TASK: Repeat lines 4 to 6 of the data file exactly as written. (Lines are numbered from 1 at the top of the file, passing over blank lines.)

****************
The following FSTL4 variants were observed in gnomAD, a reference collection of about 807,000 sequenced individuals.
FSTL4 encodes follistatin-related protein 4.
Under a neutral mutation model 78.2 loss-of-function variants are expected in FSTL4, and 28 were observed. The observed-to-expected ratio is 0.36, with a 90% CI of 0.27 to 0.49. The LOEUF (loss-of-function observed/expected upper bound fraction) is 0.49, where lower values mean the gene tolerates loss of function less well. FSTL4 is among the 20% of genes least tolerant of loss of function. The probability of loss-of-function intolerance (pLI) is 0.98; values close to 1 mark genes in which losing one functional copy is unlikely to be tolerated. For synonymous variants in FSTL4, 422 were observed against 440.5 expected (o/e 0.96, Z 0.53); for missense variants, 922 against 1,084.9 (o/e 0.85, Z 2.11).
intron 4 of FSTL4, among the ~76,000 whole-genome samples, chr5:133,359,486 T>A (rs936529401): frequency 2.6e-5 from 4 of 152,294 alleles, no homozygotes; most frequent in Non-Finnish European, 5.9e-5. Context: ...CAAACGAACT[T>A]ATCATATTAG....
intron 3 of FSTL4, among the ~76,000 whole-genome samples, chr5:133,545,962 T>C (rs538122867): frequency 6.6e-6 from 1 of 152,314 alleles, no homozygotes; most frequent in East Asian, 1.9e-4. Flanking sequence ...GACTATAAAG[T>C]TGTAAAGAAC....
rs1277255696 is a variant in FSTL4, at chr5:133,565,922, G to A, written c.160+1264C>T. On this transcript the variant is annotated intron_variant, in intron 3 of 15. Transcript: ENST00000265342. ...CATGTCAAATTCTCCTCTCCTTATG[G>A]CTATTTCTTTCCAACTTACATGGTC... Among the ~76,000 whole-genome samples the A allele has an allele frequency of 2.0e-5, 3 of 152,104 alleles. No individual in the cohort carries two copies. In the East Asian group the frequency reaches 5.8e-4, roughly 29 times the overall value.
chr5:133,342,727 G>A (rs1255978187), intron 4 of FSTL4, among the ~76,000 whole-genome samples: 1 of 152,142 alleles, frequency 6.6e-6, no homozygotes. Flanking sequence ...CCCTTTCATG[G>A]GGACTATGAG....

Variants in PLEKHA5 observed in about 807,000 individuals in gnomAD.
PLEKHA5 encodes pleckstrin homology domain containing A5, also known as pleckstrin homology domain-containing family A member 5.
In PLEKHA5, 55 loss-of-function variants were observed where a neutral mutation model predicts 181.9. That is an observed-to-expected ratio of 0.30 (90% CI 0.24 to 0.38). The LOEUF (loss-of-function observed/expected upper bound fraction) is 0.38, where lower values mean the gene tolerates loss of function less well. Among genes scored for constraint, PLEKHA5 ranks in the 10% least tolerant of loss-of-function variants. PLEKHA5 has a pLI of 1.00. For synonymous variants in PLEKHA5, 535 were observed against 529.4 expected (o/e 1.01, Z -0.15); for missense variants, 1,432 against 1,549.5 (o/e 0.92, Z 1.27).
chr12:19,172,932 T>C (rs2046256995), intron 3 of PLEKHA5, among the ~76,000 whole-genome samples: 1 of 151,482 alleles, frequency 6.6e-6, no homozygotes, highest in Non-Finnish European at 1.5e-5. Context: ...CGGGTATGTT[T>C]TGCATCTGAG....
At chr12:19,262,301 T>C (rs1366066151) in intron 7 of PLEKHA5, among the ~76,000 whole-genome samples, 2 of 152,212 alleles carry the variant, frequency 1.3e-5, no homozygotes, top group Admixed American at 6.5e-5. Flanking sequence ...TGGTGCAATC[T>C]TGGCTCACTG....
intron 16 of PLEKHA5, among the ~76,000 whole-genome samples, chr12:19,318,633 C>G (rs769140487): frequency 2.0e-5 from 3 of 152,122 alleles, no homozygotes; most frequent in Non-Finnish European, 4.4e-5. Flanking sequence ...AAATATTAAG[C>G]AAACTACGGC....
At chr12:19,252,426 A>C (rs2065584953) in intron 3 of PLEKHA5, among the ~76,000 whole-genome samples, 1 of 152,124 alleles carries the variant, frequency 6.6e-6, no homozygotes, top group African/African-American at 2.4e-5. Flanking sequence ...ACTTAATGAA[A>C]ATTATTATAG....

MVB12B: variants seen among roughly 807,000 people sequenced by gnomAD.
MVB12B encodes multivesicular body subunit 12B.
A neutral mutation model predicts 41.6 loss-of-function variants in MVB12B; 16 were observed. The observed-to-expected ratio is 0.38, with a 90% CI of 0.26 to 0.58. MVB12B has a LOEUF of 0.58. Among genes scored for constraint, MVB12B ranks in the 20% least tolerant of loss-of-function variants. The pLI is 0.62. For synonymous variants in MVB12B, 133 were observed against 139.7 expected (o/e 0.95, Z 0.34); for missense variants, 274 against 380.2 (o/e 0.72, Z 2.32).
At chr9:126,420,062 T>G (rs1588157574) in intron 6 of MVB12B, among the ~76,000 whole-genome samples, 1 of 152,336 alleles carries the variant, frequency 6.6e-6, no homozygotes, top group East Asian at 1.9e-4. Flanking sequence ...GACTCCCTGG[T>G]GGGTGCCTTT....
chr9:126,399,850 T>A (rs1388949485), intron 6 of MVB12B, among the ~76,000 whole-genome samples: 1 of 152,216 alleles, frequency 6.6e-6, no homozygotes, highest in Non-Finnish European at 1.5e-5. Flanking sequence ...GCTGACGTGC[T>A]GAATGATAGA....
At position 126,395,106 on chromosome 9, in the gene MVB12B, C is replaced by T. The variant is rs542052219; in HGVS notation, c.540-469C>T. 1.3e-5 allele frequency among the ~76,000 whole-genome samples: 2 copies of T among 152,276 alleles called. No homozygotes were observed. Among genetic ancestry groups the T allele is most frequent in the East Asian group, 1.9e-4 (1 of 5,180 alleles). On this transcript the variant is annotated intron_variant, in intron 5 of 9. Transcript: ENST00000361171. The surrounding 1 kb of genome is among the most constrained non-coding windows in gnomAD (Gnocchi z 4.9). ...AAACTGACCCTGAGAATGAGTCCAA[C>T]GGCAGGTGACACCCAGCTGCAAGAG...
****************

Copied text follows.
intron 4 of FSTL4, among the ~76,000 whole-genome samples, chr5:133,359,486 T>A (rs936529401): frequency 2.6e-5 from 4 of 152,294 alleles, no homozygotes; most frequent in Non-Finnish European, 5.9e-5. Context: ...CAAACGAACT[T>A]ATCATATTAG....
intron 3 of FSTL4, among the ~76,000 whole-genome samples, chr5:133,545,962 T>C (rs538122867): frequency 6.6e-6 from 1 of 152,314 alleles, no homozygotes; most frequent in East Asian, 1.9e-4. Flanking sequence ...GACTATAAAG[T>C]TGTAAAGAAC....
rs1277255696 is a variant in FSTL4, at chr5:133,565,922, G to A, written c.160+1264C>T. On this transcript the variant is annotated intron_variant, in intron 3 of 15. Transcript: ENST00000265342. ...CATGTCAAATTCTCCTCTCCTTATG[G>A]CTATTTCTTTCCAACTTACATGGTC... Among the ~76,000 whole-genome samples the A allele has an allele frequency of 2.0e-5, 3 of 152,104 alleles. No individual in the cohort carries two copies. In the East Asian group the frequency reaches 5.8e-4, roughly 29 times the overall value.